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Samantha Power Praises "Stop Kony"-Style Activism In First Speech As U.N. Ambassador

Power’s first speech is hosted by Invisible Children, the organization that tried to stop Kony last year.

Eric Thayer / Reuters

WASHINGTON — Samantha Power will praise online human rights activism such as last year’s “Stop Kony” campaign in her first speech as U.S. Ambassador to the United Nations on Saturday.

Power is scheduled to speak to the Fourth Estate Leadership Summit, an event in Los Angeles sponsored by Invisible Children, the rights group whose campaign to stop Ugandan warlord Joseph Kony went viral last year and whose co-founder was hospitalized after a notorious public breakdown.

“Invisible Children doesn’t just lobby policymakers to go after the LRA, it designs fliers that tell LRA fighters how they might defect, and it distributes them - more than 400,000 so far - into LRA-affected areas in DRC and the Central African Republic,” Power will say, according to prepared remarks. “It has also built six locally-run FM radio stations in areas of high LRA activity. These stations now reach an audience covering more than 29,000 square miles.”

And if you’ve ever doubted your activism matters, just think that the Kony video you made go viral, was sent by high school kids in Massachusetts to their Senator who joined with his colleagues to write a law that President Obama signed to create a rewards program to bring Kony and his thugs to justice. And a few months ago that Senator from Massachusetts, now Secretary of State John Kerry, announced that thanks to that law – thanks to you - the State Department was offering the first cash rewards to bring LRA killers to justice.

This new kind of activism is visible so many places, on so many of today’s most critical issues. An army of citizen activists police the conduct of the recent Kenyan elections, using the tools of the web to monitor hate speech and document fraud in an effort to prevent a repeat of significant violence. In a region – the Arab world – that barely knew democracy as recently as three years ago, we see tens of millions of people moving governments, and, at times, removing them, driven by that universal desire to have their voices heard. At a time of economic uncertainty, we see tens of thousands taking to the streets in Russia and beyond, because they are no longer willing to turn a blind eye to corruption or to accept the growing inequalities in their own societies.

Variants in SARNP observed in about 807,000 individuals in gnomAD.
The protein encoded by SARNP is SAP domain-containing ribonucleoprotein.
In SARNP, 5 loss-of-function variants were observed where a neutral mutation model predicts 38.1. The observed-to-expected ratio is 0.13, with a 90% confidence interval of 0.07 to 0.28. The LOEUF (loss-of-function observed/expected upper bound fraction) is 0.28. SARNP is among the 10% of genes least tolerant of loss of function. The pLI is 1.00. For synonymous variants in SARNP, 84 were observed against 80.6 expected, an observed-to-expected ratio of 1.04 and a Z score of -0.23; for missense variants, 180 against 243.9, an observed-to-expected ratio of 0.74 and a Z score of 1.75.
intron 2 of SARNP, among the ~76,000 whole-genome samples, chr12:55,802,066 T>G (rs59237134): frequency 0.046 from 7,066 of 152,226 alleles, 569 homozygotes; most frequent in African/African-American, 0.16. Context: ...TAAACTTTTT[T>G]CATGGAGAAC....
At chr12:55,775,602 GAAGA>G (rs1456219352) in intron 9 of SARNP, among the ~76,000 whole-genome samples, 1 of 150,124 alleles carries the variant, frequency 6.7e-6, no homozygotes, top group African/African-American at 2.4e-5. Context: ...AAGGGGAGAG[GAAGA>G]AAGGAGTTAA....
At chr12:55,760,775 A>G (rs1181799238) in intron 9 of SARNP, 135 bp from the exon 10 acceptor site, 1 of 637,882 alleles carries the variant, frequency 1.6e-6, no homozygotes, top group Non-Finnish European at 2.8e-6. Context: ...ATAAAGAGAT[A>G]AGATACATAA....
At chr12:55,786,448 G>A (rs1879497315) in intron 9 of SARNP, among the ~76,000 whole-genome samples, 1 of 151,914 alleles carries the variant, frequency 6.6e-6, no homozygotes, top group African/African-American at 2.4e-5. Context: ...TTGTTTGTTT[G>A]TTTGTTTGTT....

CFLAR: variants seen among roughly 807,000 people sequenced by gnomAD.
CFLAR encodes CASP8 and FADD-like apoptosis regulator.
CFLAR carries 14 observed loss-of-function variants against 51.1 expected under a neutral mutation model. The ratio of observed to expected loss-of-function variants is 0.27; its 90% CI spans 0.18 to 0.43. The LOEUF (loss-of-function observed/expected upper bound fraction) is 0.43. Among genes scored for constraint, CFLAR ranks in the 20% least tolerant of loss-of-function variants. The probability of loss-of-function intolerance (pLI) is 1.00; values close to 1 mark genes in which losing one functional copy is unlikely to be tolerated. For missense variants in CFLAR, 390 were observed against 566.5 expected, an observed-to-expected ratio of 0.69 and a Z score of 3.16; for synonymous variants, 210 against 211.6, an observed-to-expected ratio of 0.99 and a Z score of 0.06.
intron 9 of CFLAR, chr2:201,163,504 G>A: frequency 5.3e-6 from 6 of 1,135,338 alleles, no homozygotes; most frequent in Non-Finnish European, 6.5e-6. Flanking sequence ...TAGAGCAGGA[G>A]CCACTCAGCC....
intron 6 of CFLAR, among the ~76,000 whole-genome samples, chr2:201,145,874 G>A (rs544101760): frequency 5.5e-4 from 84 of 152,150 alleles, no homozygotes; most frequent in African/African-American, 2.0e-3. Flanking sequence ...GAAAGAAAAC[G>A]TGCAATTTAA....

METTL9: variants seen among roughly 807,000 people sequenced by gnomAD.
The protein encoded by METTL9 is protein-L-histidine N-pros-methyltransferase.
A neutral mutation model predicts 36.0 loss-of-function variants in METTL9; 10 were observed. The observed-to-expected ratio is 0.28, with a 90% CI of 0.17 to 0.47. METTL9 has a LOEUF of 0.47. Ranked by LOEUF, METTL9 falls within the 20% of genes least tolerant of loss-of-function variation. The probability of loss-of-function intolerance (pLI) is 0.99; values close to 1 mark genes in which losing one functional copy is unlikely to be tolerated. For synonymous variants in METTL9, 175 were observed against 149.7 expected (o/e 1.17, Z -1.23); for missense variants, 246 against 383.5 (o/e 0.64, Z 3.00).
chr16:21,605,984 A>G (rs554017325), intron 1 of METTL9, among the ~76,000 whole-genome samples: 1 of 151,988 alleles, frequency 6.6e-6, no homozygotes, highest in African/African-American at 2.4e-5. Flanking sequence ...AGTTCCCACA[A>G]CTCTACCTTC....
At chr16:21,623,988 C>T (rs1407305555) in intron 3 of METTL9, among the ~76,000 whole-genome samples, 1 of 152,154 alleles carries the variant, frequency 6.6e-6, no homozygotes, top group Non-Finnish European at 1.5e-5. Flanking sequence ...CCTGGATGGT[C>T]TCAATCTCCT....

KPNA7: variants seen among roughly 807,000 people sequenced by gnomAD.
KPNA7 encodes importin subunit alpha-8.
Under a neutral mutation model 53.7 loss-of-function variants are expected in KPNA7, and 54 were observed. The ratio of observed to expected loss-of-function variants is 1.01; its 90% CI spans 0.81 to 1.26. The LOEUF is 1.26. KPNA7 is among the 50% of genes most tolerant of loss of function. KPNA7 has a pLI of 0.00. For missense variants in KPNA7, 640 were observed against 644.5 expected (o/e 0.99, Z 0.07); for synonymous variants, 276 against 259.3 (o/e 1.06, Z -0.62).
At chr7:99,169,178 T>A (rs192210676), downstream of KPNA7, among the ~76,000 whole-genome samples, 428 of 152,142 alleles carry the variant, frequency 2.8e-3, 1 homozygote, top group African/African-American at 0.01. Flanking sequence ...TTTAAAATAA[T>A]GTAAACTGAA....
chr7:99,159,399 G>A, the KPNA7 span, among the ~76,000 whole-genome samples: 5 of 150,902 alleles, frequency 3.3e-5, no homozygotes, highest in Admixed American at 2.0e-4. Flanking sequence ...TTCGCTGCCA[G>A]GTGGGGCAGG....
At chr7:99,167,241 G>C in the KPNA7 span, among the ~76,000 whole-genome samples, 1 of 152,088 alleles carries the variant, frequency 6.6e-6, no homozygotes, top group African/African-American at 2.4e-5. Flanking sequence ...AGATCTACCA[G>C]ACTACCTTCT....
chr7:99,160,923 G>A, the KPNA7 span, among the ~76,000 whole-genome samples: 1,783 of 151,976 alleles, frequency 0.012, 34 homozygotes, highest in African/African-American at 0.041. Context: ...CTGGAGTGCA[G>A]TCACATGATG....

In the speech, Power, whose first career was as a journalist covering human rights atrocities in Bosnia, will acknowledge the limitations of the Stop Kony model.

“But this new generation understands that the video is not what matters; the number of twitter followers is not what matters,” Power will say. “These are just means to an end; indeed Invisible Children the organization is a means to an end. What matters is the real world scoreboard.”

Power’s speech will also feature a tribute to Malala Yousafzai, the Pakistani teenager who was shot by the Taliban and who has become a global icon of women’s rights in the developing world. Power will describe Yousafzai’s name as a “name that will be forever synonymous with dignity and bravery,” according to the remarks.

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Rosie Gray is a reporter for BuzzFeed News and is based in Washington, D.C. Gray reports on politics and foreign policy.
Contact Rosie Gray at rosie@buzzfeed.com.
 
 

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